A rise in deadly equine atypical myopathy (AM) cases has prompted the British Equine Veterinary Association (BEVA) to urge vets to be vigilant this spring.
Horses that develop AM are usually kept on sparse pastures, near trees from Acer pleudoplatanus (sycamore) or Acer negundo (box elder) that shed seeds containing the toxin hypoglycin A.
With more than five times as many cases of AM last autumn than in 2013, experts have warned vets to be alert in coming months as the disease occurs more frequently in spring.
Prognosis of the disease is poor, with a survival rate of less than 25%. Clinical symptoms of AM include muscle weakness or stiffness, colic-like symptoms, dark red-brown urine, recumbency and laboured breathing.
Preventive advice for horse owners includes:
- check spring pasture carefully for seeds prior to turnout
- provide supplementary feeding in the field to reduce the risk of horses ingesting the seeds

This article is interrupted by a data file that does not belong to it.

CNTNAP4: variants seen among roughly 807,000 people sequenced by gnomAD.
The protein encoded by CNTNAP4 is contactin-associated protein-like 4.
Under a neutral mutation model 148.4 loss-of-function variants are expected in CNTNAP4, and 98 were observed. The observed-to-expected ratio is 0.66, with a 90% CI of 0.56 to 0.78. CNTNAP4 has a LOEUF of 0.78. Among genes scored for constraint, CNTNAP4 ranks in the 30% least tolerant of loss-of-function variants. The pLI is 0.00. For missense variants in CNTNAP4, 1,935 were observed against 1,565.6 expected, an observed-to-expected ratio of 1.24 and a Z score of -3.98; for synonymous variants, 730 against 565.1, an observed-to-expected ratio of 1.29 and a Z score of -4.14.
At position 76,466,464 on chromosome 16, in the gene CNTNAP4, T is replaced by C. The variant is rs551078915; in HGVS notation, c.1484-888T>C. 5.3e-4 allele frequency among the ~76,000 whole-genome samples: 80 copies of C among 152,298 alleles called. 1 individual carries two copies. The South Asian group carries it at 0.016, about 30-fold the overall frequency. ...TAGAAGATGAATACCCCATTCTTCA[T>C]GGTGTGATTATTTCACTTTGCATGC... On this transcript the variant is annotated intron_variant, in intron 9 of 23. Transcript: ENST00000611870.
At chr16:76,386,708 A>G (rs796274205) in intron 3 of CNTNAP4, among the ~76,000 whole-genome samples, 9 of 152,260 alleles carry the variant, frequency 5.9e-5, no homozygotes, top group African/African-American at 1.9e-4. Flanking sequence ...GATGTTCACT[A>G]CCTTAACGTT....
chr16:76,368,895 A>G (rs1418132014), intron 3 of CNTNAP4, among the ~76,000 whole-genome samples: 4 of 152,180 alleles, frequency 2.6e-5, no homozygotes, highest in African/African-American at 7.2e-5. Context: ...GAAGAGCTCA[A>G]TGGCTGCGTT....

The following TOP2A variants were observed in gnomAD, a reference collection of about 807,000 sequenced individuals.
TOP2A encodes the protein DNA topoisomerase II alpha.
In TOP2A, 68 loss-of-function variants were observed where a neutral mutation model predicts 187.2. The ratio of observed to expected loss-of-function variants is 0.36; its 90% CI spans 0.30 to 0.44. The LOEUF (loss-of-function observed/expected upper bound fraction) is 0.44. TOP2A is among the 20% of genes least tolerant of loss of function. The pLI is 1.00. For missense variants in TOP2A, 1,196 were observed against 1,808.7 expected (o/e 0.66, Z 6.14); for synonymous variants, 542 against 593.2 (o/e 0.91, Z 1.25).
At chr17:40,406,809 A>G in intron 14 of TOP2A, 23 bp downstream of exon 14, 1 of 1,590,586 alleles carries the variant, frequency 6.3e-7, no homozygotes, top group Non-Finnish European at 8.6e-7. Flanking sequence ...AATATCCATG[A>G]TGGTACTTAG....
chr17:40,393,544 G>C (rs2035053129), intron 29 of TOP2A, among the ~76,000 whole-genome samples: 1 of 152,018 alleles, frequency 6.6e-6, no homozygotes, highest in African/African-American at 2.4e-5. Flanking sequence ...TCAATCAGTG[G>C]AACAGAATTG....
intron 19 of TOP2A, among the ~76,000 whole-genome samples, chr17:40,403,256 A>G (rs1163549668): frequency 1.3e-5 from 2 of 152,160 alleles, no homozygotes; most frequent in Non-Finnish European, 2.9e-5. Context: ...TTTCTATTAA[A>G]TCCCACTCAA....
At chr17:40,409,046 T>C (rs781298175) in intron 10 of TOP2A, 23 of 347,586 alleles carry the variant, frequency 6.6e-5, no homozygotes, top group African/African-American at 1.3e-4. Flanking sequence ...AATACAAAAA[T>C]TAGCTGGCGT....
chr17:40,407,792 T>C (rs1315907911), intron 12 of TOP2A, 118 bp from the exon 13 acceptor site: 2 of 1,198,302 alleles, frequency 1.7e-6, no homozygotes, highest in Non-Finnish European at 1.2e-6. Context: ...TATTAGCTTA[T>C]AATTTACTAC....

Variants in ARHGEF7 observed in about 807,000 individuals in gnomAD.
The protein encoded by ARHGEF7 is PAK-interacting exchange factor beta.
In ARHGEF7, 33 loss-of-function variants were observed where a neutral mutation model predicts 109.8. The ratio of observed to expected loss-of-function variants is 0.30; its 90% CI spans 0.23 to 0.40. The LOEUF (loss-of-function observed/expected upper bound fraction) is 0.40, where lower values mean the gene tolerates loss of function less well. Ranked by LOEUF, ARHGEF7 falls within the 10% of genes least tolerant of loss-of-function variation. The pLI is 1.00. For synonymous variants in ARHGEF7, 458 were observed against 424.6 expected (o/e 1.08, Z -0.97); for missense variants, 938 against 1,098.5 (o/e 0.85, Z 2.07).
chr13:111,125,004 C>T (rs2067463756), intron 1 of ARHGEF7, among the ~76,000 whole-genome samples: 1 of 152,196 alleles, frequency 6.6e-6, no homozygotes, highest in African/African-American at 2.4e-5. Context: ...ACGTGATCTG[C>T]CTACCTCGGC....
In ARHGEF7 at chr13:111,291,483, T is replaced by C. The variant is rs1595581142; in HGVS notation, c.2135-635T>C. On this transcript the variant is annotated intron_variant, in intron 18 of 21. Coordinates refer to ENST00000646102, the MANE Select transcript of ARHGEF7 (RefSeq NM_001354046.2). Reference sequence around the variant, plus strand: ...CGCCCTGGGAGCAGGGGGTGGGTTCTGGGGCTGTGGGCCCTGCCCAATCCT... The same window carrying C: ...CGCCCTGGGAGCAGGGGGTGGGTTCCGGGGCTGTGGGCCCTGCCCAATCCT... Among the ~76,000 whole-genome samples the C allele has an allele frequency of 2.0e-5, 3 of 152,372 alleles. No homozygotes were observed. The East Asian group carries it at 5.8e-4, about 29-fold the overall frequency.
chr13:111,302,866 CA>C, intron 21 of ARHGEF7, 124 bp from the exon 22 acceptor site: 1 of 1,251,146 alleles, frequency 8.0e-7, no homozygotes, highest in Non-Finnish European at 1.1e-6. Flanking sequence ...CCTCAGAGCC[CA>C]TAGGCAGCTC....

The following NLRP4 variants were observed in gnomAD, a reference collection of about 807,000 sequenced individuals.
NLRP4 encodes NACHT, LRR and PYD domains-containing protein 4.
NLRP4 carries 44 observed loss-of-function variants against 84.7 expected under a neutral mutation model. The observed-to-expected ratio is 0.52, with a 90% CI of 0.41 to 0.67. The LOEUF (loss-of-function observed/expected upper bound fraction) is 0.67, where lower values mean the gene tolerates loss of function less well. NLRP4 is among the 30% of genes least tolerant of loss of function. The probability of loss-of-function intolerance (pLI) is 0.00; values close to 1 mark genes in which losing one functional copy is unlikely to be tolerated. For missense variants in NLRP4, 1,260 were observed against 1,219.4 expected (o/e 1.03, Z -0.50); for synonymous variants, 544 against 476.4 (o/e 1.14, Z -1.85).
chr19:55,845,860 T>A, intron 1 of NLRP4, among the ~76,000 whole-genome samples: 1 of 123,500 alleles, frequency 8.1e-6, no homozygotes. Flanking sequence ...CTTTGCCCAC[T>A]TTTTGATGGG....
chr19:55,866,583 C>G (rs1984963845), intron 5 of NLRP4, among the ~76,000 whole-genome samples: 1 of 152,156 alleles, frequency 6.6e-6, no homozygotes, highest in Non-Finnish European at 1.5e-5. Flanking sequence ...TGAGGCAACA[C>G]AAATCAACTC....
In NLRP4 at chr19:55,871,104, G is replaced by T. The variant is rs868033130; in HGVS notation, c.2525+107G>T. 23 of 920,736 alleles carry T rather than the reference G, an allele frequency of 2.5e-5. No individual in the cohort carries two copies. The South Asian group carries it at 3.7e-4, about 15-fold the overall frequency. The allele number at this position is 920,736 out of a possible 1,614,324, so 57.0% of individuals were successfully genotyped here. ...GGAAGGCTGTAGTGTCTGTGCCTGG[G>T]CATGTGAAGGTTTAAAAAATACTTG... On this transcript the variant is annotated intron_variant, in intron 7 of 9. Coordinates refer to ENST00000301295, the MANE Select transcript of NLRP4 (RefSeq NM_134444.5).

- fence off affected areas
Pastures without sycamore trees are still at risk as areas can still contain seeds spread by winds or flood water.
Celia Marr – partner at Rossdales Veterinary Surgeons in Newmarket, european specialist in equine internal medicine and editor of the Equine Veterinary Journal – said: “New collaborative research instigated last year between the University of Lige, the Irish Equine Centre and the Animal Health Trust should shed more light on the characteristics of the disease in this country. Once we know more about the specific causes we should be able to make more positive progress with prevention strategies.”
BEVA has provided free online access to the following two articles from the Equine Veterinary Education journal on the disease for all vets:
- Van Galen G and Votion D-M (2013). Management of cases suffering from atypical myopathy: interpretations of descriptive, epidemiological and pathophysiological findings (part one), Equine Veterinary Education 25(5): 264-270 (2013).
- Management of cases suffering from atypical myopathy: interpretations of descriptive, epidemiological and pathophysiological findings (part two), Equine Veterinary Education 25(6): 308-314.